As warmth slid up Bailey’s neck, she flicked her gaze to her watch. Quarter to eleven. She needed to rush him a little. “I’m hoping to be on their boat before they head over to the big island for midnight Mass.
Nick hitched a thumb over his shoulder. “They’re long gone by now, bubbles.”
She blinked at his use of her nickname. The one he’d given her. Then the rest of his words sunk in. “Gone?” She checked her watch again. “It’s ten forty-five. They don’t leave until—”
He sauntered toward her as he pulled on a flannel jacket. “In Minnesota, yes. Here in Florida, it’s an hour later.”
Letting out a groan, she squeezed her eyes shut. “The plane took off late, and I forgot to turn my watch ahead.”
“I can take you right to Pine Island. You could get a ride to the church, or sit in your folks’ boat until they come back there.”
The logistics of trying to find a ride from the dock to the church at this hour, arriving late at the service when every seat would be taken, and searching for her parents would be a nightmare. Worse yet, she’d probably scare the eggnog out of them if she hid in their boat.
“No, you can take me home.” Her stomach rumbled. She needed to eat something, too.
Nick’s lips curved into a half-smile as he reached into his shirt pocket. “Still forgetting to eat, bubbles?” He pulled out a candy bar. Her favorite.
Her stomach “bubbled” again. She smiled as she accepted the treat. “Thank you. I’ve been on the phone or running for a plane for the last ten hours.” She peeled back the wrapper, and bit into the milk chocolate, caramel, and nuts. Her stomach rumbled again.
“Let’s go to Cabbage Key.” He straightened and looked surprised that he’d suggested it.
Her eyes opened wide and she felt the blood drain from her face. When they were dating as teens, they’d head to the island on his sailboat at least once a week. Shelling, swimming, or just laying on the tiny, seculuded piece of beach they’d found, and talking. It’s where he first told her he loved her.
She stared into his beautiful eyes. It’s where she told him she was leaving for Minnesota to accept the scholarship she’d won, despite her parents’ offer to pay her way through college at U of Miami, Coral Gables. Did he want to go to their spot on the island to pick up their fight right where they’d left off?
He moved a step closer to her. “There’s a party. At the restaurant.” He pointed to her stomach. “We can get you something to eat.”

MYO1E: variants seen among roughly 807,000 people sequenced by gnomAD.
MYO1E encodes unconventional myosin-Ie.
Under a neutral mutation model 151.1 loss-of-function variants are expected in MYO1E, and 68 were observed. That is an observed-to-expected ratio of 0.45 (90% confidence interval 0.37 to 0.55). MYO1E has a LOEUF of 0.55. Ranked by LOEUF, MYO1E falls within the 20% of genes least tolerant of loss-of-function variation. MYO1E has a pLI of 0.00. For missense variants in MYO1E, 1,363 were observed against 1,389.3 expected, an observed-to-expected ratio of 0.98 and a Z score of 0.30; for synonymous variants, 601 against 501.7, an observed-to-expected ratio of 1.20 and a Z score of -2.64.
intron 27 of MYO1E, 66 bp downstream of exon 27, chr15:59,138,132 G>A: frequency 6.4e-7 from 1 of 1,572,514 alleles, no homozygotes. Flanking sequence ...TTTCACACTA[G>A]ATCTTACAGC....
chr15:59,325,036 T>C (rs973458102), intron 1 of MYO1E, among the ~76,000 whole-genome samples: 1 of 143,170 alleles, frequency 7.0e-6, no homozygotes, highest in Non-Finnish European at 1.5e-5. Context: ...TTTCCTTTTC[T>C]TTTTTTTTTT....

Every muscle in her body had tensed, and she slowly relaxed them. No, he didn’t want to rehash those last few months before she moved north, thank heavens. But it still seemed like a strange suggestion.
His head dropped, he stepped off the boat, and slid the bowline off the post. “Stupid idea.” He jumped back on the boat, and started the motor.
The way they’d fight, back then, was crazy. They’d yell and she’d cry and he’d comfort her, but wouldn’t change his mind about wanting her to stay in Florida. They wouldn’t speak for weeks, then they’d fight some more until she’d finally left early for Minnesota, without even saying goodbye.
She wanted time with him. A quiet spot to apologize and make things okay again between them. “No. It’s a great idea.” She shouted to be heard above the rumble of the motor.
His eyes narrowed and his mouth curved into a frown. “You sure?”
She nodded. “I’m sure.” She took another bite of her candy bar. “I’ll need to get a soda to wash this down.” She grinned, hoping to alleviate the discomfort that sat thick and stagnant between them.
He smiled as he walked to the back of the boat, released the line, then pulled a plastic bottle from the ice in one of the storage bins and twisted off the cap. “I figured you still drank this stuff.”
She took the bottle of diet cherry cola from him. He remembered. The candy bar, the soda brand she loved. “I can’t get it up north, so this is a treat.” She took a sip. It brought her back to hot summer days skimming Nick’s sailboat across the calm expanse of the Gulf.
“Another reason you shouldn’t have...” He clamped his jaw and stood next to her then pushed the throttle forward. They eased from the slip, crawled no-wake through the marina, then hit full speed once they were out in the bay.
They flew by homes decorated with holiday lights, pine trees and palm trees ringed with strands of blinking red and green, and a few sailboats edged with lights. The beauty of it all was lost as his words echoed in her head. “Another reason you shouldn’t have...” He still carried anger from her leaving him.
Twisting the cap back onto the bottle, she stood next to him, hanging on to the grip on the console.
He glanced at her and she smiled. Between the roar of the motor, the slapping of the waves on the bow, and the whistle of the wind, this wasn’t the time to try to talk.
Within minutes, they’d gone past Sanibel Island and headed into Pine Island Sound. To her left, North Captiva—home—blinked the few lights of the little golf-cart community. She’d had to go to Pine Island to learn to drive a real car.
Nick watched the water and his guidance systems, and in minutes, the festive lights of the Cabbage Key restaurant blinked ahead of them. He slowed as he approached the dock. The sound of music and partiers carried across the water.
She wanted to talk to Nick, and a holiday party didn’t seem like a good place to do it. “Let’s go to our spot.”
His head jerked and his eyes narrowed. “What? Why?”
Stop back tomorrow for the final chapter.
Laura~Smart Women ~Sexy Men ~Seductive Romance